“I was struggling to understand why! Why he did it and why at that particular time. How long had he bern planning it or was it just an impulse? Why didn’t he ask for help?… Why didn’t someone try harder to get him some help for his mood swings? He didn’t have to die! So many unanswered questions that will remain unanswered for this lifetime.” — Angie A.

“I don’t know if I was surprised by it, but confused. I just couldn’t seem to understand why. She was such an amazing person in my eyes, the world was a better place with her in it. I just wish she could have realized that herself. I was also very young when my friend ended her life, being 17 and losing a friend this way was earth-shattering.” — Tammy T.

3. Guilt

“I was angry he left, and I also felt an overwhelming sense of guilt. I felt like it was my fault he killed himself. I was angry at myself because I felt like I should have done something. I felt like I should have known he wasn’t OK, even without him telling me, or showing how he really wasn’t OK. And I’m still angry and still feel guilty.” — Sabrina J.

“Complete denial and guilt. When I got the text that she had killed herself, I sat there for 15 minutes saying, ‘No this can be true. This isn’t real. This isn’t happening.’ Then I started to cry continuously screaming that this was all my fault. I felt I should have done more, texted her more often.” — Keira W.

 4. Denial

“Denial. I found his body. I knew he was dead. Yet I didn’t quite understand it. I asked the police officer if he was dead.” — Becky O.

“I had utter disbelief. I had this feeling for months afterward that she was just on vacation and she would come back. I just waited for her to come back.” — Chris W.

5. Relief

“Honestly, and this is going to sound terrible, but I felt happy for them. Happy they are no longer struggling, happy they are in a better place (wherever that place may be) and are free from everything.” — Talia H.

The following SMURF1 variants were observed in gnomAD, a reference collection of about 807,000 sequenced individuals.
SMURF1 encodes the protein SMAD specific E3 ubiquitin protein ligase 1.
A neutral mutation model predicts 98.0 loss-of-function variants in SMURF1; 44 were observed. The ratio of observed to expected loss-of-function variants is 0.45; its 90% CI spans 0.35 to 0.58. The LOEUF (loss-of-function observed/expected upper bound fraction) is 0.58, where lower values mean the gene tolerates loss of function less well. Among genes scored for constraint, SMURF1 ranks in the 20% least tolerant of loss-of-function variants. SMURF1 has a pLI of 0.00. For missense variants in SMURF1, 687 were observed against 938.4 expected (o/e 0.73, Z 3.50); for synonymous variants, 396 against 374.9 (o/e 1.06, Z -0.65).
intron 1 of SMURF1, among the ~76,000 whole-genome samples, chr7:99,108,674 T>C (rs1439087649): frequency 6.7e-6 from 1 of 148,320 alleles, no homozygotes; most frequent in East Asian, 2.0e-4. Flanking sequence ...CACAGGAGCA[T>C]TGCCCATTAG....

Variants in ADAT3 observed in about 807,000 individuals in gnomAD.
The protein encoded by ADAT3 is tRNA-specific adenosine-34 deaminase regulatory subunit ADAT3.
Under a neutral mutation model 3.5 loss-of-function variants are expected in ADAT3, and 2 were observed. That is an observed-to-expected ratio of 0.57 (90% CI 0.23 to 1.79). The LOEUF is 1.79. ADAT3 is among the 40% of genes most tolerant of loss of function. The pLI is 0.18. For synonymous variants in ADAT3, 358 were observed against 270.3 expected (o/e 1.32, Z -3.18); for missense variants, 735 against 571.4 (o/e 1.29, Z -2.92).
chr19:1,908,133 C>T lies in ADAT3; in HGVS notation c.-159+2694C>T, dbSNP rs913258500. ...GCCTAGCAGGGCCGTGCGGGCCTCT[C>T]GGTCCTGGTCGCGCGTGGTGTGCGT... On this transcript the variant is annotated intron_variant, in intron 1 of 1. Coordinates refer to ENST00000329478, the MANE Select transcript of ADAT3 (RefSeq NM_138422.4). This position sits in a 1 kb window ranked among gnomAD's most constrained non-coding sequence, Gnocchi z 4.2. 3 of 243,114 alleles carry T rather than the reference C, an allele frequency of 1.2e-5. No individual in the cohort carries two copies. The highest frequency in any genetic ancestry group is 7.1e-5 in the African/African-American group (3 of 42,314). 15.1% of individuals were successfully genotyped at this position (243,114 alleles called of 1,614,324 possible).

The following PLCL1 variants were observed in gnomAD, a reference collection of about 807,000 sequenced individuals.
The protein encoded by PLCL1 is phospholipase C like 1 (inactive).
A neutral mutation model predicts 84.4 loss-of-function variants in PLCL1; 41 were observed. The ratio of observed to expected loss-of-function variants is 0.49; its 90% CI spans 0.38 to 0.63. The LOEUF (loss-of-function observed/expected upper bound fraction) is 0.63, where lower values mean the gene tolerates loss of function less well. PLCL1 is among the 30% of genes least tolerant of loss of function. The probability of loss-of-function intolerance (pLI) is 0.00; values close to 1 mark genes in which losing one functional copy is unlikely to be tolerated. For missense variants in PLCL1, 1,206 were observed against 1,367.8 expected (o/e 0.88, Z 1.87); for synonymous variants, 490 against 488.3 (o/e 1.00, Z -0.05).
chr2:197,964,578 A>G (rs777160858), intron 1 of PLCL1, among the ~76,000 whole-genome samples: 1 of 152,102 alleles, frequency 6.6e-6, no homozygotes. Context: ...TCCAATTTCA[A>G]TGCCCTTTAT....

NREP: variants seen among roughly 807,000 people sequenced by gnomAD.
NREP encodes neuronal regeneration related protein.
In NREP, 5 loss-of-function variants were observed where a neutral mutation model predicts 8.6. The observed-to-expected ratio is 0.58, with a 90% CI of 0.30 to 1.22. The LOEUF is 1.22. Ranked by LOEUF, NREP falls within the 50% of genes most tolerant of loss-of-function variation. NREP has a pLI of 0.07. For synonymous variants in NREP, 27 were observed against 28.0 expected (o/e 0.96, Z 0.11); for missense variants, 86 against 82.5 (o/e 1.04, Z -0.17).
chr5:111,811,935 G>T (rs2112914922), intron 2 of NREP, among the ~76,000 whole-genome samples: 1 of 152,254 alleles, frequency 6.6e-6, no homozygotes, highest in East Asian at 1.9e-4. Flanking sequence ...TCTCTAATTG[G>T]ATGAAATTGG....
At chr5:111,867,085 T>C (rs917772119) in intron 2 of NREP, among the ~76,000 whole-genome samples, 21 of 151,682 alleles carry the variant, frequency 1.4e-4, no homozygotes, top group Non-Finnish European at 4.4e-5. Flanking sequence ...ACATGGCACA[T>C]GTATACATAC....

“My answer will sound awful. However you need to know they had attempted suicide so many times before. I was always worried, was always on edge walking on eggshells, just hoping not to be/do the thing that makes them break. So when I received the phone call… it was not quite relief, but it was done and there was nothing I could do. Then the ever-crushing guilt flooded over me. I felt guilty for feeling that and then guilty for all of the what ifs. I did everything I could, but it wasn’t enough. Soon the pain engulfed everything until I became numb.” — Heather E.

6. Jealousy

“I lost a co-worker to suicide and my immediate feeling was jealousy. I was jealous they had died, that they no longer had to deal with life… then I felt guilty for thinking that.” — Ashleigh W.

“I was jealous. I had gone to him multiple times when I was feeling suicidal and he had talked me out of it. He never mentioned he was suicidal. And he just left me here to face this world on my own. And after seeing how hard it affected everyone else, I couldn’t go through with it myself. I was so jealous that he got out so easy and I’m stuck here now.” — Danielle S.

7. Emptiness

“Emptiness, and not the emptiness you feel when you’re sad. No, it’s more than that. It’s like a giant hole that swallows up all possible hope in the aftermath. I’m lucky that my resilience and friends pulled me through, but for some it’s an emptiness that never goes away.” — Adele T.

“Emptiness. Still feel it. Lost my dad when I was 8 and he was missing for several weeks. Nearly 20 years has passed, and I just don’t feel deep emotion anymore. Now if someone dies, yeah it sucks and I feel bad, but it’s never as deep a pain as losing your parent to suicide. I feel like I’m broken because of this.” — Sam B.

Suicide loss is complicated, and healing takes time. If you’re a suicide loss survivor looking for support, the following stories are a good place to start:

Photo by Danielle MacInnes on Unsplash

Originally published: October 2, 2018